Kilmer bucks his party in one vote the Washington Post counts as keyJanuary 29th, 2013 by Steven Gardner
If the 2014 congressional election started today (I found a page showing incumbent Congressman Derek Kilmer has raised $15.55 so far. I’m guessing the total is actually more than that, but we have nothing official yet.) here is a campaign charge you might hear.
“Derek Kilmer has voted with his party 97 percent of the time.”
Or maybe this one:
“Derek Kilmer has voted with Nancy Pelosi nine out of 10 times.”
Both quotes are true, but they lack context. There have been 30 votes in the U.S. House of Representatives since Kilmer joined it earlier this month. Some are procedural and don’t deal with issues at all, like voting to approve Congress’ journal or to adjourn. If either of those mattered we might hear this one:
“Doc Hastings was the only Washington member of Congress with the guts to vote to adjourn.”
We’ve addressed this before, but it’s worth repeating. Context matters. Of the 30 votes taken in Congress, the two parties agreed with each other 11 times. Again, those were procedural issues. The first vote after the roll call was on who should be named House speaker. Republicans voted for John Boehner. Kilmer voted with Democrats for Nancy Pelosi. That shouldn’t be a surprise to anyone. Kilmer is a Democrat, after all, and he wanted to see his party’s leader holding the gavel. Everyone knew it wouldn’t happen and it didn’t.
On the other 19 votes, many were questions on the same issue, and Kilmer agreed with the majority in his party on all but one of them.
That one is critical. Of the 30 votes taken, two were considered “key votes” in the Washington Post vote database. One was the race for speaker. I guess I agree that one probably should be considered “key,” but not like the other one on the list of two. That was the one to suspend the debt limit until May and to suspend Congressional pay starting April 15 if there is no budget. On that one a majority of Republicans voted “Yes,” and a majority of Democrats voted “No.” Kilmer, in this case sided with Republicans. He issued a statement saying why he thought the measure was a good one.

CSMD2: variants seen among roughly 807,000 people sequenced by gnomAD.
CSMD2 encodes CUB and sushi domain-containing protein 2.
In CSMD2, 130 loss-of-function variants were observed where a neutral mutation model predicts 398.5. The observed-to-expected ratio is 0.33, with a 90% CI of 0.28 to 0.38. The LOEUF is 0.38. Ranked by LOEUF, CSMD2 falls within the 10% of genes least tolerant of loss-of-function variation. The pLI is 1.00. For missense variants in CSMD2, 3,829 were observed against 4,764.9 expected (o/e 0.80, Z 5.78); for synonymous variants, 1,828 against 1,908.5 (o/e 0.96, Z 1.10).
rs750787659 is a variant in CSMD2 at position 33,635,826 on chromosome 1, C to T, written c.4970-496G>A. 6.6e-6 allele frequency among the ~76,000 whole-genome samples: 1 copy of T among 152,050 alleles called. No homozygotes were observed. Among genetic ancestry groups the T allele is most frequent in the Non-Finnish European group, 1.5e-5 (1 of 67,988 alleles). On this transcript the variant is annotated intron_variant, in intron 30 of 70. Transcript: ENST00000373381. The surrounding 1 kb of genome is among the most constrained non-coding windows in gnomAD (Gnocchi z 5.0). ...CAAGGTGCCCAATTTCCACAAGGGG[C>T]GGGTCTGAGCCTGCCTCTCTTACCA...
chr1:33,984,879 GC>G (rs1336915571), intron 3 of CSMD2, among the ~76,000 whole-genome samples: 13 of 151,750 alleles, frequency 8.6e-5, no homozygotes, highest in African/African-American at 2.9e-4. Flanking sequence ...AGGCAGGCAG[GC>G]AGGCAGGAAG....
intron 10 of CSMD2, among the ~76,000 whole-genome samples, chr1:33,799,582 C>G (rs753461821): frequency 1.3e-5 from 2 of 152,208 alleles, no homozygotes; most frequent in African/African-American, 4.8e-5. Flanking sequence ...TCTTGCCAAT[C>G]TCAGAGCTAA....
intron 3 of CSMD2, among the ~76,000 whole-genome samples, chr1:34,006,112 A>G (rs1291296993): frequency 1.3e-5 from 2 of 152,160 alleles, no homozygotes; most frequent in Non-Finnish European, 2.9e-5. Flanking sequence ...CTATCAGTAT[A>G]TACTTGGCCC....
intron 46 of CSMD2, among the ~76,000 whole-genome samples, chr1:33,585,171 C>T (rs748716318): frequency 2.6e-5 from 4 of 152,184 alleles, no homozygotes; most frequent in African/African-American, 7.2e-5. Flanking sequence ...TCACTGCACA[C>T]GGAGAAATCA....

“I believe America should pay its bills even if they were racked up before I came to DC. This plan prevents the immediate threat of default that could cause harm to our nation’s economy. Hopefully, this is the first step toward a real bipartisan effort to forge a balanced solution to our long-term fiscal challenges. This plan also forces Congress to live by the same principle that all folks in our region live by: if you don’t do your job, you shouldn’t be paid. I’m supporting this bill today because I’ve always said I’ll do what’s right for the families and employers of our region, regardless of whether it’s a Democratic or Republican idea.”
Kilmer wasn’t alone among Washington Democrats, joining fellow freshmen Denny Heck and Suzan DelBene. Jaime Herrera Beutler, a Camas Republican, voted contrary to her party on the same vote.
Just as it’s almost worthless to draft statistics that include meaningless votes on procedure, it’s way too early to form conclusions on a voting record that only includes two votes that seem to matter. Nonetheless, stay tuned to the “key” votes tally and see if bipartisanship spreads.